The decades-long push to save the Florida Grasshopper Sparrow, which was on course to be the next bird to go extinct in the U.S., got its first hopeful news in years this week: An experiment to restore the sparrow population with captive-bred birds has produced its first fledglings in the wild.
More than a dozen chicks and fledglings, along with eggs in a number of nests, have been spotted in the grasslands south of Orland where a coalition of agencies is staging a last-ditch rescue mission. “We’re very excited,” said Juan Oteyza, the state biologist who oversees the project. “It’s not only working, but it’s working well.”
The Florida Grasshopper Sparrow’s population dropped to just 30 breeding pairs in the four Central Florida locations where the last of the species lives. That prompted an ambitious campaign to start breeding captive sparrows to release into the wild. Among the questions that loomed over the effort was whether the birds would have the innate abilities to survive and whether they would be capable of breeding and raising a new generation of sparrows.
For weeks, researchers have been watching the stretch of Florida prairie where about 150 of the sparrows were released last year and this spring. The birds are tagged with a set of bands that identify them, so the staffers can track every one of the individual birds that hold the key to the species’ future.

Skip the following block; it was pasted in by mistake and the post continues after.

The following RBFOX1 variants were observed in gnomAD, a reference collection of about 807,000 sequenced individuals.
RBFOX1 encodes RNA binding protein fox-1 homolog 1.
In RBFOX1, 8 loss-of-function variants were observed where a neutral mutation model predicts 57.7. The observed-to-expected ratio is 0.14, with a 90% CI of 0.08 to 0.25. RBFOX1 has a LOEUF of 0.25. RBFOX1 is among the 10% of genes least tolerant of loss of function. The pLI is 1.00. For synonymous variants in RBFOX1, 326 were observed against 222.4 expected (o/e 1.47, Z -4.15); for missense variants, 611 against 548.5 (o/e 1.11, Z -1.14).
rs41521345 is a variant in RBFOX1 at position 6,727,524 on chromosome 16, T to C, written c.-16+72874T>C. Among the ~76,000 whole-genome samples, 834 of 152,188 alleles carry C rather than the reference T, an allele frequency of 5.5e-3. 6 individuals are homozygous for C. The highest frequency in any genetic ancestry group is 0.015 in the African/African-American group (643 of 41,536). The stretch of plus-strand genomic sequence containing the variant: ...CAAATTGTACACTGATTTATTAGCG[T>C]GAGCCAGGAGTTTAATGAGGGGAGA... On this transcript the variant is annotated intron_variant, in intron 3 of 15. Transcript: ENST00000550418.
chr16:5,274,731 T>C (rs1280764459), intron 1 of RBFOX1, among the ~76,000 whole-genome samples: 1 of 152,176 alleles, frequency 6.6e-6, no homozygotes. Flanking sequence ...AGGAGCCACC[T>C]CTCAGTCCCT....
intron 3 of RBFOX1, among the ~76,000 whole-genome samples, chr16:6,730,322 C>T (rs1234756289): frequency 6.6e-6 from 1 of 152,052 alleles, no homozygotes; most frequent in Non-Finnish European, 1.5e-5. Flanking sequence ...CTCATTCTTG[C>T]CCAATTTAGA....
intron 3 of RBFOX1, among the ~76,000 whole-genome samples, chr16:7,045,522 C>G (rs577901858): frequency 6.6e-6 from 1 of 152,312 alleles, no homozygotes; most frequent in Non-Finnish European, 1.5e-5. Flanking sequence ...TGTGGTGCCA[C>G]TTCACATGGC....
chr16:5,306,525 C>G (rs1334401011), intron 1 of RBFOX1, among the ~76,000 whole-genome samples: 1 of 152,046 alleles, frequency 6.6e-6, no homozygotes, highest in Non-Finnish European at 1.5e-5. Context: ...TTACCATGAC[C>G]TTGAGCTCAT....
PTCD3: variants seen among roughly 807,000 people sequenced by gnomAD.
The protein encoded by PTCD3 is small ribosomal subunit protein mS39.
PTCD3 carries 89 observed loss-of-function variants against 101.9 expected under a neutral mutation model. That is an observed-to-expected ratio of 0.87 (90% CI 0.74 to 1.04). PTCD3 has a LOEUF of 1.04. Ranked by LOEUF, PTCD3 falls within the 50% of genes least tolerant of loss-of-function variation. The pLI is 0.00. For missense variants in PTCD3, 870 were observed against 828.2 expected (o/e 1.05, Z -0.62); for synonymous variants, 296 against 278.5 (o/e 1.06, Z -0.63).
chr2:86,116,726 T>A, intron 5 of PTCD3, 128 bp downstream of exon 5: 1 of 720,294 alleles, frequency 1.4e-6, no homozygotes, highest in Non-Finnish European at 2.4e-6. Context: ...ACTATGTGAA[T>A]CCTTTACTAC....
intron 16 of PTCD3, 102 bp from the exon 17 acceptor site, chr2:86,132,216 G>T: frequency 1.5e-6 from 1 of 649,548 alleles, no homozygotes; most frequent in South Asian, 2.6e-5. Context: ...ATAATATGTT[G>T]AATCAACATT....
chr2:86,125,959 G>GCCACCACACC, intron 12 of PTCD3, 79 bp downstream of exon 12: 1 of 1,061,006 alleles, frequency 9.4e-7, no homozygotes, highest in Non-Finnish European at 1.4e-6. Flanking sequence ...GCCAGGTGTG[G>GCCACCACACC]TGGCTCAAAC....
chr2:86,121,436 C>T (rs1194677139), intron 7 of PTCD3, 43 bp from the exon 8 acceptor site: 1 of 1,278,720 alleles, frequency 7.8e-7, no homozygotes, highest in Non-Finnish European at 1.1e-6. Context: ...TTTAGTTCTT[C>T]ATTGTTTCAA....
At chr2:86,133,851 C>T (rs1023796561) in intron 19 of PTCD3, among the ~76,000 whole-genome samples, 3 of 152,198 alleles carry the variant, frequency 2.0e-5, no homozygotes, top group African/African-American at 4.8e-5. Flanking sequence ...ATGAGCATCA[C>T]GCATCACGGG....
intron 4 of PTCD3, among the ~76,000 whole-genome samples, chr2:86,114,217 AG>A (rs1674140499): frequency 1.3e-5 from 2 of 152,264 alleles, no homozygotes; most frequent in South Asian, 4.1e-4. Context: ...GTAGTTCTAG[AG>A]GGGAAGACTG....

The birds, most of them about a year old, began to match up with mates, some with wild sparrows and some with other captive-bred birds. Researchers could tell from their songs that the birds had started mating. Then they began to find nests with eggs in them. The first six or so fledglings are now beginning to leave the nests and head out on their own, said Oteyza, a research scientist with the Florida Fish and Wildlife Research Institute.
Our story on the arduous path leading up to the release of the sparrows appeared two weeks ago in The Washington Post (and here’s a companion piece on the unique nature of the project that ran on Flying Lessons.). The effort is part of a number of scientific interventions around the world to stave off precipitous declines in various species. The sparrow, though a small, nondescript bird without much star power, is a symbol of the unique Florida grasslands.
This isn’t the first captive-bred experiment in the U.S., but the sparrow’s declines has made it a difficult case that scientists admit they still don’t fully understand.